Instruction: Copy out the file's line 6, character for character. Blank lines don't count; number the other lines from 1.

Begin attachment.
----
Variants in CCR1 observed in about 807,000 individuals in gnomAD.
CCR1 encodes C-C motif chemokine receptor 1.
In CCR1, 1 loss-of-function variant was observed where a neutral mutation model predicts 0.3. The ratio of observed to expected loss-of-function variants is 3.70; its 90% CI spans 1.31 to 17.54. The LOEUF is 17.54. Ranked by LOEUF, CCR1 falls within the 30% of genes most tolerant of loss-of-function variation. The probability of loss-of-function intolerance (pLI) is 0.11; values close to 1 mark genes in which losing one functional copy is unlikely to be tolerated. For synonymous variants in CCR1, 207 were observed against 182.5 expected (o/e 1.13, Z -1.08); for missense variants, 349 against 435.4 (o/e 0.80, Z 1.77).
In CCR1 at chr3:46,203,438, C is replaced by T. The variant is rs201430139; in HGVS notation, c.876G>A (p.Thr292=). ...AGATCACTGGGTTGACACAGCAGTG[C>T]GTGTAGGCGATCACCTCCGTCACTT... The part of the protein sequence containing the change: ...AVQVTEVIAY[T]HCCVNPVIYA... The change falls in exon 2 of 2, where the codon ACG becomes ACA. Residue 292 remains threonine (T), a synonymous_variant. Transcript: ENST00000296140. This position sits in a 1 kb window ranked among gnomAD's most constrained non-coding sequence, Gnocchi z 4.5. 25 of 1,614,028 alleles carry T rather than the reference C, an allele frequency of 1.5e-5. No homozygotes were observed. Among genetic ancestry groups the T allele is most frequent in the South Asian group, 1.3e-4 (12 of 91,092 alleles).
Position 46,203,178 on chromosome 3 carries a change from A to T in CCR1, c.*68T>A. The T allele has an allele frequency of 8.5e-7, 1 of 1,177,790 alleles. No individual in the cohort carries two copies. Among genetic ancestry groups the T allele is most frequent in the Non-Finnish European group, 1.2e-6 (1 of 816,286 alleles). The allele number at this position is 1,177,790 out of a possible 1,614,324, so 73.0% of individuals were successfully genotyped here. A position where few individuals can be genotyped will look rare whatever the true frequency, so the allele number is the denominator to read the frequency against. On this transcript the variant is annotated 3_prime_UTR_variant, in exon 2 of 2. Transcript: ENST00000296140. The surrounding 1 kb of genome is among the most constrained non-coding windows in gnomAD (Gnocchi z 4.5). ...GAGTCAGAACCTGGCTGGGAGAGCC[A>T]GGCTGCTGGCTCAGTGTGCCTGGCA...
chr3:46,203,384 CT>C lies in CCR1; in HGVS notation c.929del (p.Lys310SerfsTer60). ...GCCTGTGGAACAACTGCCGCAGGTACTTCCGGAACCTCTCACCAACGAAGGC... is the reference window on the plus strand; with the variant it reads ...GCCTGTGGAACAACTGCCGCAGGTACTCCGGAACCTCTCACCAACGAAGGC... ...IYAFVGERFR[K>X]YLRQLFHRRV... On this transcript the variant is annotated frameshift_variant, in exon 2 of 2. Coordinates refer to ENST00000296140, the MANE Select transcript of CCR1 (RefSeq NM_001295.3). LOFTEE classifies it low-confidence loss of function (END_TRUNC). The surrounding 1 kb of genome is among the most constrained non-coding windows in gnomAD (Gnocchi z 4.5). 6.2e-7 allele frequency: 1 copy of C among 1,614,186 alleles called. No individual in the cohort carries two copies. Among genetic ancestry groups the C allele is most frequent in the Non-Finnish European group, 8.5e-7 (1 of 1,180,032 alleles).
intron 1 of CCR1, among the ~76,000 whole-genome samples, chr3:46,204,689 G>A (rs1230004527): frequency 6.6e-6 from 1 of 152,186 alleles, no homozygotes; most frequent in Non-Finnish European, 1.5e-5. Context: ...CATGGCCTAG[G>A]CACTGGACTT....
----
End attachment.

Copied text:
chr3:46,203,384 CT>C lies in CCR1; in HGVS notation c.929del (p.Lys310SerfsTer60). ...GCCTGTGGAACAACTGCCGCAGGTACTTCCGGAACCTCTCACCAACGAAGGC... is the reference window on the plus strand; with the variant it reads ...GCCTGTGGAACAACTGCCGCAGGTACTCCGGAACCTCTCACCAACGAAGGC... ...IYAFVGERFR[K>X]YLRQLFHRRV... On this transcript the variant is annotated frameshift_variant, in exon 2 of 2. Coordinates refer to ENST00000296140, the MANE Select transcript of CCR1 (RefSeq NM_001295.3). LOFTEE classifies it low-confidence loss of function (END_TRUNC). The surrounding 1 kb of genome is among the most constrained non-coding windows in gnomAD (Gnocchi z 4.5). 6.2e-7 allele frequency: 1 copy of C among 1,614,186 alleles called. No individual in the cohort carries two copies. Among genetic ancestry groups the C allele is most frequent in the Non-Finnish European group, 8.5e-7 (1 of 1,180,032 alleles).